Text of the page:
What is COVID-19?

COVID-19 is an infectious disease caused by a novel respiratory coronavirus. COVID-19 poses a serious public health risk and is highly contagious. On March 11, 2020, the World Health Organization (WHO) declared the situation a pandemic. The virus causing coronavirus disease 2019 (COVID-19), is not the same as the coronaviruses that commonly circulate among humans and cause mild illness, like the common cold.

For more information on COVID-19, please visit the CDC's website.

Read More
What are Some Common Symptoms of COVID-19?

People with COVID-19 have had a wide range of symptoms reported – ranging from mild symptoms to severe illness. Symptoms may appear 2-14 days after exposure to the virus. People with these symptoms may have COVID-19:

  • Fever
  • Coughing
  • Difficulty breathing / shortness of breath
  • Inability to stay awake
  • Body or muscle aches
  • Sore throat
  • Loss of taste
  • Loss of smell
  • Diarrhea
  • Vomitting

For more information on COVID-19 Symptoms, please visit the CDC's website.

Read More
How Does COVID-19 Spread?

Human coronaviruses are usually spread through the air by coughing, sneezing, or close personal contact. It is better to refrain from touching or shaking hands. It is possible to contract COVID-19 even by touching a surface or object that has the virus on it and then touching your face (specifically one’s own mouth, nose or eyes).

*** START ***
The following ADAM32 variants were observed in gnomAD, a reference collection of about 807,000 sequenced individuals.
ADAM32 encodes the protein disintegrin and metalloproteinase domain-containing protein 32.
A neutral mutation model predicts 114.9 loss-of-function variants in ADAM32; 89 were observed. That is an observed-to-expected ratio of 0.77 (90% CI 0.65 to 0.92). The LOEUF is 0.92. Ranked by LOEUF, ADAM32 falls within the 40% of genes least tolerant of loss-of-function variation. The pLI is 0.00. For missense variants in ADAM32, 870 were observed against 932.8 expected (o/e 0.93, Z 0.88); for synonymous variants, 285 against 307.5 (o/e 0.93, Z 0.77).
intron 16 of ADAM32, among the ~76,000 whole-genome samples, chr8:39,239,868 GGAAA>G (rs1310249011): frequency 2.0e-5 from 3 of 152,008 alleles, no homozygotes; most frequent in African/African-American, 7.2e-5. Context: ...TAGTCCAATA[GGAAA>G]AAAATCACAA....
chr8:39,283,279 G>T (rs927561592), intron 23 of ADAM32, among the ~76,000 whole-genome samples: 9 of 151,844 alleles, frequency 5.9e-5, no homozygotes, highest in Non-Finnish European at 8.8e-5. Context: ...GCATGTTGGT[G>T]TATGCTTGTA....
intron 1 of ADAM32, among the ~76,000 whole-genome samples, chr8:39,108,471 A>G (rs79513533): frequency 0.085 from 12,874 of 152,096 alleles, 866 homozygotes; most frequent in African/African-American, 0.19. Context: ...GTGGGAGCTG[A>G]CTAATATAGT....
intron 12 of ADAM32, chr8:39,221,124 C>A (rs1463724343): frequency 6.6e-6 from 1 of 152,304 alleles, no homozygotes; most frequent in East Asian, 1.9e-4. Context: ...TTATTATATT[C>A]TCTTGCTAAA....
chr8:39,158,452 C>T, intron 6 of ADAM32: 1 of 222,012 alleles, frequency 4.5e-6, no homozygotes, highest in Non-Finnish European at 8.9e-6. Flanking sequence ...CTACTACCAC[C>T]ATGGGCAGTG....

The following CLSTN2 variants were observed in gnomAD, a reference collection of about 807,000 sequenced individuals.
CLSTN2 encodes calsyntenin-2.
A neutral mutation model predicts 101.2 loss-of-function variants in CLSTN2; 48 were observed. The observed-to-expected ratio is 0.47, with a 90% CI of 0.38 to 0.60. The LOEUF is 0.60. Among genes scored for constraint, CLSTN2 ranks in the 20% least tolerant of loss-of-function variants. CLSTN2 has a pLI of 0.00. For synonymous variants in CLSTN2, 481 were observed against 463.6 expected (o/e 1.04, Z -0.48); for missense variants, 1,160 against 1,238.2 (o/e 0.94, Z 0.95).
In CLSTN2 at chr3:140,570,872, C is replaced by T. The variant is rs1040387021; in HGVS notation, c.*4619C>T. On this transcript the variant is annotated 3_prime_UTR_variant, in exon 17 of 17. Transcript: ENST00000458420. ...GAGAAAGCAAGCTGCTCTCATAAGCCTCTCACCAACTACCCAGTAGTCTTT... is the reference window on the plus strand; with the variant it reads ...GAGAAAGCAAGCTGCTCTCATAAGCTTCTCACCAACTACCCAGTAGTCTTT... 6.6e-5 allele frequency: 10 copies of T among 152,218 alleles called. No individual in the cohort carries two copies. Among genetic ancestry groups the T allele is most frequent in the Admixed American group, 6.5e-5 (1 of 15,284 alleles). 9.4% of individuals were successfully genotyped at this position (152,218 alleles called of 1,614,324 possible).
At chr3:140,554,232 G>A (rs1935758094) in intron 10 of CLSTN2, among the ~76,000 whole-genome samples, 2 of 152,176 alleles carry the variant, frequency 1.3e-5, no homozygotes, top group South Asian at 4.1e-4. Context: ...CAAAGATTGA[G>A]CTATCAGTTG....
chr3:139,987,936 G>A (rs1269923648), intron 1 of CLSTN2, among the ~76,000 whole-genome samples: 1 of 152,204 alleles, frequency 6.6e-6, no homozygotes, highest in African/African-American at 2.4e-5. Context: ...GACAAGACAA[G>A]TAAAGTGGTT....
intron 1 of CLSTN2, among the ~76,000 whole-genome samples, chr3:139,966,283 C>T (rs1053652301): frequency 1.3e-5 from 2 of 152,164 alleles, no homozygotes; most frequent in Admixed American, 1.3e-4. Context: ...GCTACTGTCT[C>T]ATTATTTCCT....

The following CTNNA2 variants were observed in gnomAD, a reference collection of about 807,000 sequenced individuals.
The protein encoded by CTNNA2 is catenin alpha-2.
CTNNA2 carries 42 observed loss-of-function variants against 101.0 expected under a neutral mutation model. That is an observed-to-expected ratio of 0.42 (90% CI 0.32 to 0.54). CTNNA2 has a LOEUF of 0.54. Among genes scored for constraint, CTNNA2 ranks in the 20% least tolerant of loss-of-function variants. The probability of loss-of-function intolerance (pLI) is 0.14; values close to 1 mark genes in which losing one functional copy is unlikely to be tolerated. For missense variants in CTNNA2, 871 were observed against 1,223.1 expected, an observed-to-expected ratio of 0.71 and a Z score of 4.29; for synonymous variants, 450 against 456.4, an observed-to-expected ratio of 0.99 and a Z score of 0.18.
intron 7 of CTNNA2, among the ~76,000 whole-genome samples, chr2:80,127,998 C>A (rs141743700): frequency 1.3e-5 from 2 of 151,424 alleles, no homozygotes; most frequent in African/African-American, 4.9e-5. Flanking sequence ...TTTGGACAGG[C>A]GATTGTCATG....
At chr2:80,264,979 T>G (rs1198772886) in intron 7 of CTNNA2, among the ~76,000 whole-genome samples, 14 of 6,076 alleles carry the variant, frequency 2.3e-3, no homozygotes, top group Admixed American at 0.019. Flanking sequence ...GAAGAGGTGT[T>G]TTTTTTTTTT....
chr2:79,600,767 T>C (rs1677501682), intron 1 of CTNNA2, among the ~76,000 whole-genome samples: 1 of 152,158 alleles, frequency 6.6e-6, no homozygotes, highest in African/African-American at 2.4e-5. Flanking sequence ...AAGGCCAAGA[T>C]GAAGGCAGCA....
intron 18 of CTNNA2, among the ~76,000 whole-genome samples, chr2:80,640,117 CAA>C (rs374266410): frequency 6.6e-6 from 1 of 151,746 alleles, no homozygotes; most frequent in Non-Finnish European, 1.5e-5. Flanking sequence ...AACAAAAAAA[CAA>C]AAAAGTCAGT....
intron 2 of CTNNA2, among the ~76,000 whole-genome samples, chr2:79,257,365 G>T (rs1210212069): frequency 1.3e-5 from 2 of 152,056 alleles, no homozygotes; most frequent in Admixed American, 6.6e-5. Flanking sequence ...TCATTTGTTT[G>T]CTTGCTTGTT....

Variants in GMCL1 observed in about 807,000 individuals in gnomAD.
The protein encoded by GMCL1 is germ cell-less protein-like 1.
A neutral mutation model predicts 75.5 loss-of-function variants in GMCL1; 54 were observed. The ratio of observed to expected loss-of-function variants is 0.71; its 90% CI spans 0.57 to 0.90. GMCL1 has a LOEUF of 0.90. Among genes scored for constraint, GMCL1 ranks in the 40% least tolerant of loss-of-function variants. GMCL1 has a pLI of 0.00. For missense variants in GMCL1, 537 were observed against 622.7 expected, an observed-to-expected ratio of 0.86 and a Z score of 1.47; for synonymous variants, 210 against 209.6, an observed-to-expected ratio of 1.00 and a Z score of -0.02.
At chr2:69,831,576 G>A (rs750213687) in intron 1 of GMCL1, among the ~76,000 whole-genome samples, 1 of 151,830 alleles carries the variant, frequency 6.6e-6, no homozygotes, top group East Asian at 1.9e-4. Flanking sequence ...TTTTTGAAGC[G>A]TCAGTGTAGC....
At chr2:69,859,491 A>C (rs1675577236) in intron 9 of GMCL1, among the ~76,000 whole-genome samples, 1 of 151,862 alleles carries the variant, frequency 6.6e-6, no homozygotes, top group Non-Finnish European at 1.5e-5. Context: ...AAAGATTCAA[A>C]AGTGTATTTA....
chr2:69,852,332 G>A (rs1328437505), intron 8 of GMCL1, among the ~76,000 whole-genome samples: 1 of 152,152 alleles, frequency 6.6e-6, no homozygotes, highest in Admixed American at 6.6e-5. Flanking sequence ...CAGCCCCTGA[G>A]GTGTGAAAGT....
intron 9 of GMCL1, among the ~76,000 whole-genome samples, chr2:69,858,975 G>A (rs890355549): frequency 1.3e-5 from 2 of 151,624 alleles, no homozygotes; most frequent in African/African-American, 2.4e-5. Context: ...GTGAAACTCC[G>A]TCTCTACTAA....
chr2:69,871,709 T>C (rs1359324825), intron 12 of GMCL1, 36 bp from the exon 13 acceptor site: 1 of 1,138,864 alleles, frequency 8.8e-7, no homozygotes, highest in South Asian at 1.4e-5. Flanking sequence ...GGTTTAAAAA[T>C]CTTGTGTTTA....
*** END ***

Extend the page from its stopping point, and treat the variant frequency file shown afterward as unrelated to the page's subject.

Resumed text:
For more information on how COVID-19 Spreads, please visit the CDC's website.

Read More
Can Mosquitoes or Ticks Spread COVID-19?

At this time, CDC has no data to suggest that this new coronavirus or other similar coronaviruses are spread by mosquitoes or ticks. The main way that COVID-19 spreads is from person to person.

For more information on how COVID-19 Spreads, please visit the CDC's FAQs page.

Read More

Before Testing Questions (4)

Are Insurance and Identification Needed for a COVID-19 Test?

The Federal Government has approved funding to reimburse health care providers and facilities for COVID-19 testing and treatment of the uninsured. We are required to ask for your insurance information to receive reimbursement. However, you do not need to provide a driver’s license or social security number to get a test. COVID-19 testing is available, regardless of immigration status.

For more information please see this Heath Affairs article

Read More
Is Insurance Necessary for Free PCR tests?

PCR testing is free regardless of insurance or immigration status. When you give your insurance information, it allows the laboratory to bill your insurance to get reimbursed for the cost of the tests.

For more information please see this Heath Affairs article

Read More
Will a COVID-19 Test Protect Me From Contracting the Virus?